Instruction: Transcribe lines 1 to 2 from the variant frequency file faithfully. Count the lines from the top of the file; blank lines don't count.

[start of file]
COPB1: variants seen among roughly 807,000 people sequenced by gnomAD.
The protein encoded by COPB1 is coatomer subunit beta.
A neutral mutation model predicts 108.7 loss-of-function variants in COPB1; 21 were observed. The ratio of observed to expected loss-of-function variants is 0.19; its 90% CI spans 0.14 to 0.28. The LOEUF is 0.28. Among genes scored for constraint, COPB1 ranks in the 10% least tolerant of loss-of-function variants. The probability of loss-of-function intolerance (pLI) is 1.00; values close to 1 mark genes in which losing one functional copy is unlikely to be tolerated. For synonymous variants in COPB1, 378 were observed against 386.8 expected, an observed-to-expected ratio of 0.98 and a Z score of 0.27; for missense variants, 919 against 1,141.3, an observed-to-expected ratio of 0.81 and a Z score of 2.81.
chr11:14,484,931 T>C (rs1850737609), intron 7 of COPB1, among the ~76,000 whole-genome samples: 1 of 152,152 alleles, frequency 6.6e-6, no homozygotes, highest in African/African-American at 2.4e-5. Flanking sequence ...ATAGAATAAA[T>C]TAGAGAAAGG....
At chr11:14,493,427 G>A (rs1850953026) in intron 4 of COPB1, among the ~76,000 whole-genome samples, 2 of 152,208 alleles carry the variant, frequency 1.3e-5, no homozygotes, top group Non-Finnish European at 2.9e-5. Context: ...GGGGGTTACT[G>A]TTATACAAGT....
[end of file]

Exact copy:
COPB1: variants seen among roughly 807,000 people sequenced by gnomAD.
The protein encoded by COPB1 is coatomer subunit beta.